Zombie Sites and Lost Resources: What to do in the Face of the Data Deluge?
Written by Guy Plunkett III, PhD in Bacteriology
As a bacteriologist and genomics researcher at the University of Wisconsin, and in my current role as Senior Scientist at DNASTAR, data has always played a central role in successful scientific pursuits. I’ve been in the research game long enough to remember having to travel to another institution’s library in order to access a particular journal, or repeatedly badgering other researchers for data that they had to copy by hand or send as photographs. Now in this modern Age of Google, we take it for granted that literature and data will be available online, including decades worth of digitized back issues. Some journals exist in digital form only; even the venerable Proceedings of the National Academy of Science has announced it will stop publishing its print edition in 2019.
Online supplemental data allows the tyranny of page limits to be bypassed, and now large data sets and sequence databases abound.
But behind the screen of this cornucopia, even as we sometimes feel we are drowning in data, there lurks the specter of impermanence. Unlike the printed page, digital data can disappear. People move on, retire, or die; journals cease to publish; funding is lost and sites shut down. Literature, protocols, software code, images, database schema & content are lost forever.
Zombie Sites and Disappearing Data
A zombie site is defined as a website that suffers from a chronic failure to update its contents. In this particular context I am not referring to sites that look and feel the same as they did when first launched 20 years ago — data is data, after all — but rather ones that have not had their content updated in years. And even old data has some value, especially when it represents the efforts of curatorial parties; far worse is the related issue of lost resources — sites that no longer exist at all, or those where a domain name was allowed to die and was then resurrected for some other unrelated purpose. At best an URL is relegated to landing page status or a redirect page. You might still be able to find the information you seek. But in other cases you are faced with a variation of “404 Not Found.”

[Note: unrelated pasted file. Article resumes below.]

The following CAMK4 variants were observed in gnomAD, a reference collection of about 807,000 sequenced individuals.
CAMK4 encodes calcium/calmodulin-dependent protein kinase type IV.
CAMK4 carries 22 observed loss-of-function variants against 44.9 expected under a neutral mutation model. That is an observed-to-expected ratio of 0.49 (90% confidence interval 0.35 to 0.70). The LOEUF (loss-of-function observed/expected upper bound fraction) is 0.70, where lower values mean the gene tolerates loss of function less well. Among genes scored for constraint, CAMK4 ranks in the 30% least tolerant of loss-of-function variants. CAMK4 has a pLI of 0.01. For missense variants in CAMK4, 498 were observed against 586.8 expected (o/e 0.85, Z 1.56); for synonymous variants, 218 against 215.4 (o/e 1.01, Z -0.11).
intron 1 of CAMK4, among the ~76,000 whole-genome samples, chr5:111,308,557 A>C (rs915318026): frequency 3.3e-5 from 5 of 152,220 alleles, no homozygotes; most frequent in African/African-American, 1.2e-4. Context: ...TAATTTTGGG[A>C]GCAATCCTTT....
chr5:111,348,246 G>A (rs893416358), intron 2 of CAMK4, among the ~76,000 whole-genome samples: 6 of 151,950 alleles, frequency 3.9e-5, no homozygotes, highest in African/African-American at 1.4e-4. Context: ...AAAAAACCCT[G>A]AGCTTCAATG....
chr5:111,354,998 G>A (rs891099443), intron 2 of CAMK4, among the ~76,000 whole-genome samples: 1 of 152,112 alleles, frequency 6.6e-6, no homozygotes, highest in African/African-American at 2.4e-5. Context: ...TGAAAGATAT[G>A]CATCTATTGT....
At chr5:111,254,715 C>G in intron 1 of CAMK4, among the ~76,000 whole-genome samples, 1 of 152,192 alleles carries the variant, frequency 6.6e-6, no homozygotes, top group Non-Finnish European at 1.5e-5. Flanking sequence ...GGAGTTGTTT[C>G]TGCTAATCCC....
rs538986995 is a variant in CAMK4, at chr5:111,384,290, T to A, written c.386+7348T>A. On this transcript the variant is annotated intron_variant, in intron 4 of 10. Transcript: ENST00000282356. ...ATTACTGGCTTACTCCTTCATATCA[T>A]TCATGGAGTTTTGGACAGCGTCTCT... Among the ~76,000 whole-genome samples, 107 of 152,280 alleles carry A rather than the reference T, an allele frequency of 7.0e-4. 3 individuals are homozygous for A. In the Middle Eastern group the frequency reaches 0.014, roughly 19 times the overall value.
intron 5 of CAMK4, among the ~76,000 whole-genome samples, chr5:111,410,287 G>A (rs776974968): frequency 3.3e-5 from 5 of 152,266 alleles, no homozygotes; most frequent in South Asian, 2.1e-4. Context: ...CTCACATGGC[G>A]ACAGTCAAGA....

RIP Scientific Databases
Some examples follow. These are not meant to demean anyone’s work, but rather to bemoan its loss.
- This database evolved from pre-genome era studies dating back to the early 1990s, and by 2000 its online incarnation had become one of the preeminent resources of information regarding the genome sequence of Escherichia coli K-12. In 2007 EcoGene became the source of annotation updates for the GenBank and RefSeq entries, coordinating a multi-database collaboration. The database underwent a wholesale upgrade and expansion in 2013. But EcoGene was largely the work of a single individual, Dr. Kenneth Rudd; funding became an issue and updates were sporadic by the end of 2017. Dr. Rudd retired, and an examination of the Internet Archive’s Wayback Machine suggests EcoGene was last available around March 2018. Current attempts to access the site consistently time out, and this prominant resource is no longer available.
- The Comprehensive Microbial Resource (CMR)
- Originally from The Institute for Genomic Research (TIGR) in 2001, and subsequently from the J. Craig Venter Institute (JCVI), this database combined information from all complete and publicly available bacterial and archaeal genomes. The CMR contained automated structural and functional annotation across all those genomes to provide consistent data types necessary for effective mining of genomic data. While some of its functionality persists — JCVI’s TIGRFAM protein family models, for example, the database itself was shut down by 2014.
- Big Picture Book of Viruses